Kylie Parker

"Do anything humanly possible to keep your children safe"

On a warm summer’s day in February 2019 Kylie Parker was spending a slow-paced day with her children after they’d all been at a friend’s house the night before. At around 10am they decided to set up the Wii console and play some games, before her 7 and 8-year-old daughters said they wanted to go in the pool. In the meantime, their younger brother Jake, aged 3, was running around inside the house chasing the cat. It was just a normal day.

Before long the older girls had finished their swimming fun, but on their way out of the pool area a pool toy had become wedged in the gate, stopping it from closing properly – unfortunately no-one noticed this. The day continued and Kylie took a quick visit to the toilet, just 30 seconds, before returning into the living room. Jake was no-where to be seen so Kylie, concerned he might have raced out the front of the house and be in danger, says she went to look for him.

“My first thought was that he must be playing hide and seek, but then as the panic set in my voice went from calmly calling him to screaming his name. I ran to the back door and to the pool, then I saw him face down in the water. My brain had not quite registered what was going on, but I remember diving in the water and pulling him to the surface expecting him to breathe straight away. When he didn’t, I screamed for help, hoping my neighbour would hear!”

Kylie raced inside with Jake in her arms before starting compressions. She then scooped his lifeless body up again and ran out to the front driveway - it was there her neighbour took over CPR until the ambulance arrived. Jake was taken to hospital where medical staff continued to work on him for a few hours. But it was too late, there was nothing they could do to bring him back, and he was pronounced dead at 2.58pm.Jake in a blue wheelie bin

Jake’s death had a profound impact on Kylie and her daughters. “My girls saw everything, from me pulling him out of water to starting compressions - my daughter called 000. They were there in the hospital while the doctors were working on him, and they there when the doctors told us there was nothing more they could do. My girls struggle with blaming themselves just as much as I struggle with that. They watched me fall apart. I was admitted into the mental hospital shortly after Jake’s death which is why we as a family still attend grief counselling and therapy.”

They moved out of the home where Jake drowned, because they couldn’t face being there or being near a pool. Kylie says water has been a big issue for her. “The girls have been great and were able to step into the water shortly after Jake’s death, but it’s been a very different story for me. I struggle daily with water being so close – we live near beaches and have friends with pools - even drinking water some days is hard.”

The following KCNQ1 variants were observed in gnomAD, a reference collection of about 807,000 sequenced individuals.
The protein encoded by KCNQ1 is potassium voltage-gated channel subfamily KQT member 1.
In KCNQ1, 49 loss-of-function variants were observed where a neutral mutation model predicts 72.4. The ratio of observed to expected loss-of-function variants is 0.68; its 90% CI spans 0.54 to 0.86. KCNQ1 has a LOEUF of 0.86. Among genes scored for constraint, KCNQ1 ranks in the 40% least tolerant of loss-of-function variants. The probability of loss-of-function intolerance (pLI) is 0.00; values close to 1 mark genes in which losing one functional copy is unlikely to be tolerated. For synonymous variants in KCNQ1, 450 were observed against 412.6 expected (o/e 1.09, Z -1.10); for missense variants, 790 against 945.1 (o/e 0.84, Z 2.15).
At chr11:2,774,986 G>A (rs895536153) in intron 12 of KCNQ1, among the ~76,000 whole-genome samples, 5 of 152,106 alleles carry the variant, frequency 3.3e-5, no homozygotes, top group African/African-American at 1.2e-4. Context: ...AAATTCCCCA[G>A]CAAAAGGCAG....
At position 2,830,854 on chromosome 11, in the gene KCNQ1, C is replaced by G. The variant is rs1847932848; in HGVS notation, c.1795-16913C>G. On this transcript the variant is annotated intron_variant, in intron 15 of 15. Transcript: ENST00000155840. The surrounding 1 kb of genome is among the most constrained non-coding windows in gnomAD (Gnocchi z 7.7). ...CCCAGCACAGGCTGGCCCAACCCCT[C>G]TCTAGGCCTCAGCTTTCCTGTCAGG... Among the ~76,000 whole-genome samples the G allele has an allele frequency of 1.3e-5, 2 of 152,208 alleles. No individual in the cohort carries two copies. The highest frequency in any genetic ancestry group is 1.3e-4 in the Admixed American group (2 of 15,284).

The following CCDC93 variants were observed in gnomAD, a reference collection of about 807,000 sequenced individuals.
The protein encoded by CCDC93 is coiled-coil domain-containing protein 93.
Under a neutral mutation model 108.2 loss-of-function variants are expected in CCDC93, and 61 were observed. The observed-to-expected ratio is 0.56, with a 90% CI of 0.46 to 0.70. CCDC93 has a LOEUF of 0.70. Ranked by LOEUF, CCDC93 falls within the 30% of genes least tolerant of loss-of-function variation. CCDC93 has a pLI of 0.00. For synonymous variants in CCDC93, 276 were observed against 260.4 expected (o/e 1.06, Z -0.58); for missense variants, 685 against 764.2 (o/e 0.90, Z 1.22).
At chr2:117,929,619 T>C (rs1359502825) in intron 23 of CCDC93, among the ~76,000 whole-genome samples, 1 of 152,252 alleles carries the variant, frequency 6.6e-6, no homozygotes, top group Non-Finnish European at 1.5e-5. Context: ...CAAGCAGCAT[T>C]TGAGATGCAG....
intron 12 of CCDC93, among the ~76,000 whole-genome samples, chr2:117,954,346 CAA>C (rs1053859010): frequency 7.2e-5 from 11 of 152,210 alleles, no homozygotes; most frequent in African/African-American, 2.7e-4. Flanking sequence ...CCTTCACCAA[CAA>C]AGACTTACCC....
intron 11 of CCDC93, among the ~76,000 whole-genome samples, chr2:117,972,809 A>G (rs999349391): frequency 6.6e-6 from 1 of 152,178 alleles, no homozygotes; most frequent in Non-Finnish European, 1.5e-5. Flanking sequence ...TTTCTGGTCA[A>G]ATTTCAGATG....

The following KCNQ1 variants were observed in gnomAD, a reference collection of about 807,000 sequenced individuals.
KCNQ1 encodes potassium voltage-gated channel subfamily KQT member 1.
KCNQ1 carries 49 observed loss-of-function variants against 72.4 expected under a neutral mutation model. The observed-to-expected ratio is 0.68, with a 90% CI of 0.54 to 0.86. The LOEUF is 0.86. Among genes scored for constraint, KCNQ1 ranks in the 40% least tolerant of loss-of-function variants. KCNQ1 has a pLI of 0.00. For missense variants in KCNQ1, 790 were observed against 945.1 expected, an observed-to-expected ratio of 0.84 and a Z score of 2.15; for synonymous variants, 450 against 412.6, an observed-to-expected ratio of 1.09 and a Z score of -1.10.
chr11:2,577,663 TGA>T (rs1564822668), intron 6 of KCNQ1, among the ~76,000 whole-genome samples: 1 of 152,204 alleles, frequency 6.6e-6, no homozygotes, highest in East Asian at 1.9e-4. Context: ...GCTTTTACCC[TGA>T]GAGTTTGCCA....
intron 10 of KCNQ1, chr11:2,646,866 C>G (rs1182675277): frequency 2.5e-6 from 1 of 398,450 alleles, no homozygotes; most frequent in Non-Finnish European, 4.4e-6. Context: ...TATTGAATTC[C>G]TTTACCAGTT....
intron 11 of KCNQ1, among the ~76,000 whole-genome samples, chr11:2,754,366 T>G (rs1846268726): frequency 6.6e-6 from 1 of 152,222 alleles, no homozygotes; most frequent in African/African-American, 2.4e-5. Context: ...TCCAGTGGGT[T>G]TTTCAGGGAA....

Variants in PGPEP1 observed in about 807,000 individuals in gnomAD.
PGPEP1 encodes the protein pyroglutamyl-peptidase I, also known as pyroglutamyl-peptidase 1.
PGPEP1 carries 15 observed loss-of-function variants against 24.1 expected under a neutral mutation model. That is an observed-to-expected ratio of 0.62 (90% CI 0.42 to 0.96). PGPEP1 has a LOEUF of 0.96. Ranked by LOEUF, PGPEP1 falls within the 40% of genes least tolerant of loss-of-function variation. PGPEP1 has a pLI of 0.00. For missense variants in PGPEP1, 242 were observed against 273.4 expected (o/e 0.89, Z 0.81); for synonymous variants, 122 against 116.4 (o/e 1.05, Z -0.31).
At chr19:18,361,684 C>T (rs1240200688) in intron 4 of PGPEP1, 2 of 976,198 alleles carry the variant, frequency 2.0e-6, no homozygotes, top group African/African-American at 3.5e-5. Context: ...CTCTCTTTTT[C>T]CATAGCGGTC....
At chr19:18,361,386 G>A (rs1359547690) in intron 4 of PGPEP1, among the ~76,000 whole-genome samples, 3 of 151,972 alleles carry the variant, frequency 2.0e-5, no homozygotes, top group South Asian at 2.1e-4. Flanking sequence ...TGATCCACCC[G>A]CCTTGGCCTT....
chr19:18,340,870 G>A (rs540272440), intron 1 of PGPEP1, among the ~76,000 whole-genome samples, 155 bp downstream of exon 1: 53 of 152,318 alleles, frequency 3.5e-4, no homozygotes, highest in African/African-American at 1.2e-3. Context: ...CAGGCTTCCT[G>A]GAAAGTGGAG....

Jake with his two sistersSince Jake’s death Kylie has become a strong advocate for drowning prevention, joining Royal Life Saving WA as a Keep Watch Parent Ambassador. She says if small things had been different on the day Jake drowned, he may still be here today, and she wants other parents to know how to protect their children. “I have thought a lot about what could have prevented this tragedy – had I not gone to the toilet when I did, had I been watching him at that time, or if there was some sort of a pool gate alarm to let me know the gate was wedged open. Drowning is 100% preventable but we never believe it will happen to us, or that we will become a devastating statistic. Toddlers are full of wonder and curiosity which makes them so unpredictable and that's the scary part.”

For Kylie life since Jake’s death has been a whirlwind. “A few months later I unexpectedly fell pregnant with James - going through the pregnancy and dealing with the loss of Jake was unbearable on some days - but I think having James and support from Royal Life Saving and family is what got me through the hard days. James was born on Jake’s first heavenly birthday, at 3 months early and I truly believe he was a gift from his big brother."

The year after Jake's death Kylie started conducting Royal Life Saving Heart Beat Club courses for families in Geraldton, after realising there was a lack of this kind of first aid training in her town. She’s partnered with Royal Life Saving Trainer Dionne Adams and hopes to eventually become a trainer herself. Kylie says educating parents about drowning prevention is her way of honouring Jake’s life. “Drowning is the leading cause of accidental death in children aged 0-5. It takes a child less than 30 seconds to get into trouble around water, so always keep watch, teach your children to swim, and learn CPR. Drowning is silent so you need to keep gates closed, and if possible locked when not in use, or install a pool gate alarm – they don’t cost much and could save your baby’s life. Do anything humanly possible to keep your children safe because you never know what can happen or what children are capable of.”


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